Common Myths and Misconceptions of Ramzan Fasting

Pratidin Bureau

Myth #1: Ramadan is only about abstaining from food and drink.

Clarification: While abstaining from food and drink is a central pillar of Ramadan, it's about more than just physical limitations.

Myth #1 | Image: Google

Myth #2: Everyone must fast during Ramadan, with no exceptions.

Clarification: There are exceptions to fasting for specific groups, including children, pregnant or nursing women, travelers, and those who are ill. The specifics may vary depending on individual situations and Islamic schools of thought.

Myth #2 | Image: Google

Myth #3: Fasting during Ramadan is unhealthy.

Clarification: Studies suggest that Ramadan fasting, when done correctly, can have some health benefits, such as improved blood sugar control and weight management.

Myth #3 | Image: Google

Myth #4: The date of Ramadan is the same every year.

Clarification: The Islamic calendar is a lunar calendar, and Ramadan falls on different dates each year relative to the Gregorian calendar. It typically shifts back by about 11 days each year.

Myth #4 | Image: Google

Myth #5: Brushing your teeth invalidates the fast.

Clarification: Brushing your teeth while fasting is perfectly acceptable. It's important to maintain good oral hygiene, and you can even use a miswak (a natural twig) if preferred. Just avoid swallowing any toothpaste or water.

Myth #5 | Image: Google

Myth #6: You can't work or exercise while fasting.

Clarification: While physical activity may require adjustments, many people continue to work and exercise during Ramadan. The key is to listen to your body and stay hydrated during permitted times.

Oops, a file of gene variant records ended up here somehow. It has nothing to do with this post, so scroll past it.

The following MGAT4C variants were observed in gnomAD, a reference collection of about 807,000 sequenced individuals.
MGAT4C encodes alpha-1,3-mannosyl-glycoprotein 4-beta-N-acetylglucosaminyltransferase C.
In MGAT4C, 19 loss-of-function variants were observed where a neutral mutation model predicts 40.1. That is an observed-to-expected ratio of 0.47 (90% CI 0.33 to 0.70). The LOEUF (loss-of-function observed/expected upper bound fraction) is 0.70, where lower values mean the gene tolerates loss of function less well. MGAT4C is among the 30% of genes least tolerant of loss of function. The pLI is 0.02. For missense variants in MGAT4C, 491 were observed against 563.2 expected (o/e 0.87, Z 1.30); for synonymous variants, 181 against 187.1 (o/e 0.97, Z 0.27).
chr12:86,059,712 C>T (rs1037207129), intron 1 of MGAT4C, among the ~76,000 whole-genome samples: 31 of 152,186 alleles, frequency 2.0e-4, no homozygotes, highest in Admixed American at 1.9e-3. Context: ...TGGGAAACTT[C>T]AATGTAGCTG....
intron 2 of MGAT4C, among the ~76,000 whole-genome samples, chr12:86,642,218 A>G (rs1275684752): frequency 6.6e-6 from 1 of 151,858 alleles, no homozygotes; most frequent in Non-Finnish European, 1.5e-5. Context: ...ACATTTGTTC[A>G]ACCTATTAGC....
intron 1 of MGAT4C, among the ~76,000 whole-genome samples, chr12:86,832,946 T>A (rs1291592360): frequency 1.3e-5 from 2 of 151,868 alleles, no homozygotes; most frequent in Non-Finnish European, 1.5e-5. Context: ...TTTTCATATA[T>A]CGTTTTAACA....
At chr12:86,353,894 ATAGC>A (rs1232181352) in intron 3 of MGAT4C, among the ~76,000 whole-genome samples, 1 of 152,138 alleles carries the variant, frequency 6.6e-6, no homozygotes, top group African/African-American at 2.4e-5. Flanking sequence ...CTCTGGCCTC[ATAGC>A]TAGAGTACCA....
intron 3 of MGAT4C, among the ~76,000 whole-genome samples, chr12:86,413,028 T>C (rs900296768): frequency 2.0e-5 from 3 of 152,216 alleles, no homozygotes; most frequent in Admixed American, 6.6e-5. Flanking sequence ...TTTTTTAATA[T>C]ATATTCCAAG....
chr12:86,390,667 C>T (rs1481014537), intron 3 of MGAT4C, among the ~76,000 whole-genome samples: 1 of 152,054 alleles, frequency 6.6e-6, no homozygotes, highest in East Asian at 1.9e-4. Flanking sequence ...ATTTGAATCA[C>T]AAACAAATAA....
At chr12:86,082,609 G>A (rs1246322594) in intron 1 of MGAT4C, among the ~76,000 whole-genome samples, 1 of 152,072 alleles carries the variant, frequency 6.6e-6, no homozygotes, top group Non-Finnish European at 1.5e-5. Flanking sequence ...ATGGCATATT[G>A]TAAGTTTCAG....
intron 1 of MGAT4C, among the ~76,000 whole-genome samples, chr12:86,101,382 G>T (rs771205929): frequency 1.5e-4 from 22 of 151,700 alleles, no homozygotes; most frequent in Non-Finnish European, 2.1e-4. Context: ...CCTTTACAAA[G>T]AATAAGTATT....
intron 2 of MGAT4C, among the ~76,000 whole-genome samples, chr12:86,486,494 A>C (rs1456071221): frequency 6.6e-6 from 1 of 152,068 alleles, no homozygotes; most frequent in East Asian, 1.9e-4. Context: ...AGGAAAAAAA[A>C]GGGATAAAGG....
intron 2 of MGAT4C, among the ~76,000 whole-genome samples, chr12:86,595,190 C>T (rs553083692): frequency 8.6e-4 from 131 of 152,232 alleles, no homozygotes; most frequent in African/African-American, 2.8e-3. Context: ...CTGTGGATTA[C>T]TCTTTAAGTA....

Myth #6 | Image: Google

Myth #7: Fasting is a time to overindulge at Iftar (the evening meal).

Clarification: It's important to break the fast with healthy and hydrating foods, avoiding a heavy meal that can cause discomfort. Aim for a balanced and moderate approach throughout Ramadan.

Myth #7 | Image: Google

Myth #8: Smoking is allowed during Ramadan.

Clarification: Smoking is discouraged throughout the year in Islam, and especially so during Ramadan. It goes against the spirit of self-improvement and purification associated with the fast.

Myth #8 | Image: Google

Myth #9: You can't swallow your saliva while fasting.

Clarification: Swallowing naturally produced saliva is perfectly fine while fasting. It's the intentional consumption of food or drink that breaks the fast.

Myth #9 | Image: Google

Myth #10: Accidentally eating or drinking breaks the fast.

Clarification: If you unintentionally consume something while fasting, it doesn't break your fast. The intention to break the fast is necessary. However, it's recommended to make up for the missed fast later if possible.

Myth #10 | Image: Google